Swift version: 5.1
Although there are quite a few built-in UIColors, you'll want to create your own very frequently. This can be done in a number of ways, but the most common is specifying individual values for red, green, blue and alpha, like this:
let col1 = UIColor(red: 1, green: 0, blue: 0, alpha: 1)
Each of those numbers need to be between 0 and 1.
An alternative way is to specify color values as hue, saturation and brightness, or HSB. Hue is a value between 0 and 1 on a color wheel, where 0 and 1 are both red. Saturation is how deep the color should be (so 0 is just gray) and brightness is how light the shade should be.
Here's how it's done:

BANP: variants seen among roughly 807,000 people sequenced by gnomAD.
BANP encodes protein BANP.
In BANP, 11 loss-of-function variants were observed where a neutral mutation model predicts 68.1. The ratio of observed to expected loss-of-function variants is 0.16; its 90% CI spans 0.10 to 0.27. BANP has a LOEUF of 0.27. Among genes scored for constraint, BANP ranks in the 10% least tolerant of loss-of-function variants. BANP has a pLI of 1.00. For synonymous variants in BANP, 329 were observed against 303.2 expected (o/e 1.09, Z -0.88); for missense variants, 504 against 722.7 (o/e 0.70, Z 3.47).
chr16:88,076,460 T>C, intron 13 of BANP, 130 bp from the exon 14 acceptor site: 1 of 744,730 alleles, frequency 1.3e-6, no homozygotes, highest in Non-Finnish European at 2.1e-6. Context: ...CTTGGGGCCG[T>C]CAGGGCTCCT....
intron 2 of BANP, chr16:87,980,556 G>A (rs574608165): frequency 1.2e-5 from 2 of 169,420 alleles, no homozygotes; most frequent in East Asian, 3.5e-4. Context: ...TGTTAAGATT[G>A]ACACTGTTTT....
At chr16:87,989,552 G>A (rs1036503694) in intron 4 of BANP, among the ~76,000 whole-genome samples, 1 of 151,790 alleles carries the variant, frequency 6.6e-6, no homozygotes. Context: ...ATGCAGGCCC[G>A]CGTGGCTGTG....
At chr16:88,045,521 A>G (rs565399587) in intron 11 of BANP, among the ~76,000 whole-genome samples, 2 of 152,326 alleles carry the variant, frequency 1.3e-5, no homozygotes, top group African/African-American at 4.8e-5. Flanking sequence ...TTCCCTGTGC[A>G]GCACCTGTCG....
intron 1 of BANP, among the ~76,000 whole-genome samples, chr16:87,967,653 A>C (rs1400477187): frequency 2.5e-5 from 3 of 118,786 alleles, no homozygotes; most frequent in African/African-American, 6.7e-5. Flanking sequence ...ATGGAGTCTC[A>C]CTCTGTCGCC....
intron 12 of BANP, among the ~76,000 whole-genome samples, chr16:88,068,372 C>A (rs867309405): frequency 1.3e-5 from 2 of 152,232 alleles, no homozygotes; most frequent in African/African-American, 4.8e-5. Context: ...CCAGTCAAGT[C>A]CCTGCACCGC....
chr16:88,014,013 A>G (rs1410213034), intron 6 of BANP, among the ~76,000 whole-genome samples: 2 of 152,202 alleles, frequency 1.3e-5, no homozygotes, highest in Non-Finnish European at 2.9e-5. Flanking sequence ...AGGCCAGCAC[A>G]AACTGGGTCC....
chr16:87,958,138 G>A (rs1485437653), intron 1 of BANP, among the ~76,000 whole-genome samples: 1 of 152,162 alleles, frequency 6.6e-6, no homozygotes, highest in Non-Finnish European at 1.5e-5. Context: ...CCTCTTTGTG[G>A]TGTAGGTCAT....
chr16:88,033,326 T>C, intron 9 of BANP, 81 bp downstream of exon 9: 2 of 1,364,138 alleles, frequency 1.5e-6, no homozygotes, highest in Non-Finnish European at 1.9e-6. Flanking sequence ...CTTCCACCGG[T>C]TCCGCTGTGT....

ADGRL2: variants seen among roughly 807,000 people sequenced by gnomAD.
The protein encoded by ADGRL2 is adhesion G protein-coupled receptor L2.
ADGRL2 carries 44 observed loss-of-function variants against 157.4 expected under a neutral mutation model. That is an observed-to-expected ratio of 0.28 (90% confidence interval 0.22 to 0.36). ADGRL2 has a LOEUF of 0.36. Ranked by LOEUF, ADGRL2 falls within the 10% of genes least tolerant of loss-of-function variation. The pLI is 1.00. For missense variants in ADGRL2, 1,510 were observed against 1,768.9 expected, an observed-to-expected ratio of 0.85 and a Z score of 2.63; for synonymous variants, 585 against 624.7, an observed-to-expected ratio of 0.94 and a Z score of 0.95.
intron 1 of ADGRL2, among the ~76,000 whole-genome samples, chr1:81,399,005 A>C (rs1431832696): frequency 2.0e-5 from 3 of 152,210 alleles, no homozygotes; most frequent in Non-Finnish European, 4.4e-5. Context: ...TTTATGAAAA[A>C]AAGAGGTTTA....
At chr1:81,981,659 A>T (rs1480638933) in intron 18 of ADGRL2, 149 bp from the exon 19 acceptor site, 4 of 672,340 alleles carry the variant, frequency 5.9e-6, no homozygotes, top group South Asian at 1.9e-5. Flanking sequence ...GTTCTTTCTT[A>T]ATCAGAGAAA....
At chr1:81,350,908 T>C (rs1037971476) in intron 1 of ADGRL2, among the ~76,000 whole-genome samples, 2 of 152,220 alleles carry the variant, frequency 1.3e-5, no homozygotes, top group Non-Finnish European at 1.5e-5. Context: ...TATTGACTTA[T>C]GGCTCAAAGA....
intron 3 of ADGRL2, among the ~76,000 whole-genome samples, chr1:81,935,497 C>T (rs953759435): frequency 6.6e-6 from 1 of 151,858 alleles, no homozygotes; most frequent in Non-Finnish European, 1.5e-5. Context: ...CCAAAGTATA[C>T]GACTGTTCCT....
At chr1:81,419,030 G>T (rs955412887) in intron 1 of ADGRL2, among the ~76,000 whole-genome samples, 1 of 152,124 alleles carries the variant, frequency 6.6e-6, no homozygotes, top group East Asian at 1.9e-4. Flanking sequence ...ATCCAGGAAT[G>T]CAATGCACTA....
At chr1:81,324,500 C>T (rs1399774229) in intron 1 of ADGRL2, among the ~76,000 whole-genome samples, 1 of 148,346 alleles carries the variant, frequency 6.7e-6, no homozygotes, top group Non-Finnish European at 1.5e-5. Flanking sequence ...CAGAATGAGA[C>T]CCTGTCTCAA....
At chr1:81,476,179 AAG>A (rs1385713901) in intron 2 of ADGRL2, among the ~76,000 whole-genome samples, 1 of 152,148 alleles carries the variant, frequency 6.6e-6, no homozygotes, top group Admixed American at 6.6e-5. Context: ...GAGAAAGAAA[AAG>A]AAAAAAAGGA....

let col2 = UIColor(hue: 0, saturation: 0.66, brightness: 0.66, alpha: 1) let col3 = UIColor(hue: 0.25, saturation: 0.66, brightness: 0.66, alpha: 1) let col4 = UIColor(hue: 0.5, saturation: 0.66, brightness: 0.66, alpha: 1) let col5 = UIColor(hue: 0.75, saturation: 0.66, brightness: 0.66, alpha: 1)
The advantage to using HSB rather than RGB is that you can generate very similar colors by keeping the saturation and brightness constant and changing only the hue – the code above generates some nice pastel shades of red, green, cyan and magenta, for example.
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Available from iOS 2.0
This is part of the Swift Knowledge Base, a free, searchable collection of solutions for common iOS questions.